Each spring, the Biology Department honors outstanding and accomplished alumni for their achievements in the study of Biology. The accomplishments are celebrated annually on the Friday before Commencement. 

George A. (Jack) Cioffi, MD: 2019 Accomplished Undergraduate Alum of the Year

Jean and Richard Deems Professor of Ophthalmology and Edward S. Harkness Professor of Ophthalmology, Columbia University, New York, NY

Dr. Cioffi is the Edward S. Harkness Professor with Tenure and Chairman of the Department of Ophthalmology at Columbia University Vagelos College of Physicians and Surgeons since 2012.  He also holds the Jean and Richard Deems Endowed Professorship and is the Ophthalmologist-in-Chief at New York-Presbyterian/Columbia University Irving Medical Center.  In 2014, Dr. Cioffi was elected as the President of the Columbia Physician Organization, the multi-specialty faculty clinical practice of more than 1,900 clinicians and is concurrently appointed as the Vice Dean of Clinical Affairs at Columbia University.

Dr. Cioffi formerly held the Richard G. Chenoweth Chair of Ophthalmology at the Devers Eye Institute and was the Chief Medical Officer & Senior Vice President at Legacy Health System in Portland, Oregon. He received his undergraduate degree at University of Vermont (UVM), his medical degree at the University of South Carolina, did a residency in ophthalmology at the University of Maryland where he also served as Chief Resident, and completed his training with a fellowship in Research & Clinical Glaucoma at Devers Eye Institute under Dr. E. Michael Van Buskirk.  In addition, he completed the inaugural Harvard Business School program in Managing Healthcare Delivery.

Dr. Cioffi is the Editor-in-Chief of Journal of Academic Ophthalmology, the official journal of the Association of University Professors of Ophthalmology. As well, he is Editor Emeritus of the Journal of Glaucoma, after serving for 10 years as the Editor-in-Chief, and he is the immediate past Chairman of the Basic and Clinical Science Course for the American Academy of Ophthalmology (AAO).  He is the Chairman of the Scientific Advisory Committee for the Glaucoma Research Foundation (GRF) in San Francisco. He is a past President of the Oregon Academy of Ophthalmology and has served as a member of the FDA Ophthalmology/Dermatology Advisory Committee for drug approval.  He also was selected by the Governor John Kitzhaber to serve on the Oregon Health Policy Board’s Outcomes & Quality taskforce.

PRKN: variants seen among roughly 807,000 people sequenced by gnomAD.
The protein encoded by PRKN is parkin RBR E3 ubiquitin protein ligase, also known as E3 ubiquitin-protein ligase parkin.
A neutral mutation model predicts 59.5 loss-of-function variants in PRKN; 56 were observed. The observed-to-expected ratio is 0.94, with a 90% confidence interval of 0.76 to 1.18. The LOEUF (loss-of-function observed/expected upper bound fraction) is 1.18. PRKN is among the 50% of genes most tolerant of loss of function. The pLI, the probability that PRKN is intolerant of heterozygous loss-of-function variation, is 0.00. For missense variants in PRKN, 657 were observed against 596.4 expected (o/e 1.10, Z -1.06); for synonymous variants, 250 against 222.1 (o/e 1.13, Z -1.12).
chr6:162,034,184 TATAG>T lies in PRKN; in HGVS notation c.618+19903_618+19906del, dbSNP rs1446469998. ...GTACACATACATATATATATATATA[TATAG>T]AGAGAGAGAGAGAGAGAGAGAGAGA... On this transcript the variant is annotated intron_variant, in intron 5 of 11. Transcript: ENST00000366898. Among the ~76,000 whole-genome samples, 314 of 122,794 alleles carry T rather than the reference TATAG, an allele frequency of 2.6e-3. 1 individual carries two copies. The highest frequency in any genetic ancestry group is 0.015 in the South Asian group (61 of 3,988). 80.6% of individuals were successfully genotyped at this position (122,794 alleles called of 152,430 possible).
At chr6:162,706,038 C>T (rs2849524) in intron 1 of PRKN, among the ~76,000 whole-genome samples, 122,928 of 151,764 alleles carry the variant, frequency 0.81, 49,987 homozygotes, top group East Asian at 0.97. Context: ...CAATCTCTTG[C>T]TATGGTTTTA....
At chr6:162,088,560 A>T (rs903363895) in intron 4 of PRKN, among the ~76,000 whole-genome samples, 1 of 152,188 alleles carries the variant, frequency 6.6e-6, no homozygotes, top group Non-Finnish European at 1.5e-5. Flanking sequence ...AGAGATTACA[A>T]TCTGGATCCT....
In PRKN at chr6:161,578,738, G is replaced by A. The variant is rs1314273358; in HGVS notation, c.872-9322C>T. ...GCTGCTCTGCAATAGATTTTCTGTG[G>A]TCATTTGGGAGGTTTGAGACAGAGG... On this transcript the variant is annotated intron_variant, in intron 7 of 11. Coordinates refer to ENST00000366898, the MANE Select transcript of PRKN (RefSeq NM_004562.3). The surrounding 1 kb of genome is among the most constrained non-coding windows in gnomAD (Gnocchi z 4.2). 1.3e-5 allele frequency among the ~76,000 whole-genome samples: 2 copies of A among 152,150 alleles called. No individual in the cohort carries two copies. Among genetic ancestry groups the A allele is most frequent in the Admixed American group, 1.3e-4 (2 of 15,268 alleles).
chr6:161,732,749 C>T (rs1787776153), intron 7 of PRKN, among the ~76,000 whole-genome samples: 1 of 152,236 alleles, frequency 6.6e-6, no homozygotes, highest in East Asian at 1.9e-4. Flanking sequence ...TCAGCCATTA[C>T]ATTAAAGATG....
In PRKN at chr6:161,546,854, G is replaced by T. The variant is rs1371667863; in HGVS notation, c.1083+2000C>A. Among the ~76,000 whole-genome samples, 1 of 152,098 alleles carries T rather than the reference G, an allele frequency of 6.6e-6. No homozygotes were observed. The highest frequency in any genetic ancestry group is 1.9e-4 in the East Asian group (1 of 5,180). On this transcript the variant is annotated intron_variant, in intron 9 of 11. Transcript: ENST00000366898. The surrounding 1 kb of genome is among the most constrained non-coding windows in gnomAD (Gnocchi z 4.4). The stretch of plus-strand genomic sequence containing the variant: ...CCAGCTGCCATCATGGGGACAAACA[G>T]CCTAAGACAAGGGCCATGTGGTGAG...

Dr. Cioffi has published over 250 articles and book chapters, as well as two books. His research has been  supported by the National Eye Institute of the N.I.H. for more than 20 years and has focused on the vascular physiology of the optic nerve and the pathophysiology of glaucoma. He has given more than a hundred visiting professorships and named lectureships. Dr. Cioffi has received a variety of honors including Phi Beta Kappa and the Moody Biologic Research Award at UVM; the Clinician-Scientist Award from American Glaucoma Society; the Knapp and Wheeler Teaching Awards at Columbia; the Innovators Award from the GRF; the Senior Honor Award and two Secretariat Awards from the AAO; and being listed in Best Doctors in America since 2002.  He has mentored more than 40 clinical and post-doctoral fellows and countless students and residents. These clinicians and scientists are now at institutions across the United States, Canada, Europe, Africa, Asia, and Australia.


Declan McCabe, PhD: 2019 Accomplished Graduate Alum of the Year

Since my earliest foray into teaching as a summer camp nature instructor, I have always loved sharing science with others. At that early point in my career, it was difficult to see that a career could come from that and so I started out as a lab technician. My supervisors in those positions had higher degrees and so I pursued a master's and paid my way as a teaching assistant. This clearly illustrated that in fact there were many college students in need of passionate teachers and so I sought out Ph.D. programs.  I encountered many excellent teachers during my time at UVM and learned from them that there was no substitute for depth of knowledge.  I also learned techniques and tips along the way.  Nick Gotelli illustrated the importance of clarity in mathematical presentation; Alison Brody modeled hands-on lab preps; Joe Schall lectures were entertaining performance art.

As a liberal arts college professor, I have the opportunity and responsibility to tie science into the larger fabric of knowledge. I also have significant freedom to choose diverse scholarly pursuits that hold my attention. I continue to publish on the aquatic macroinvertebrates communities that were the foci of my graduate degrees, and I share these amazing organisms with high school students in Vermont EPSCoR’s outreach programs. I have also branched out into pedagogical publication, some teaching and research publication on mammalian skulls, and most recently natural history essays aimed at broader audiences.

Currently I’m really, REALLY looking forward to passing the role of department chair on to a colleague.  I will shortly step out of administrative tasks and into a sabbatical and my first book contract. The book on aquatic habitats and the fascinating cast of characters therein will combine several of my published essays with several more yet to be written. And while I’m writing, my students will continue to accumulate mammalian community data based on camera traps in the 142 hectare Saint Michael's College Natural Area. Research in this newly established natural area will most likely be my focus for the next several years.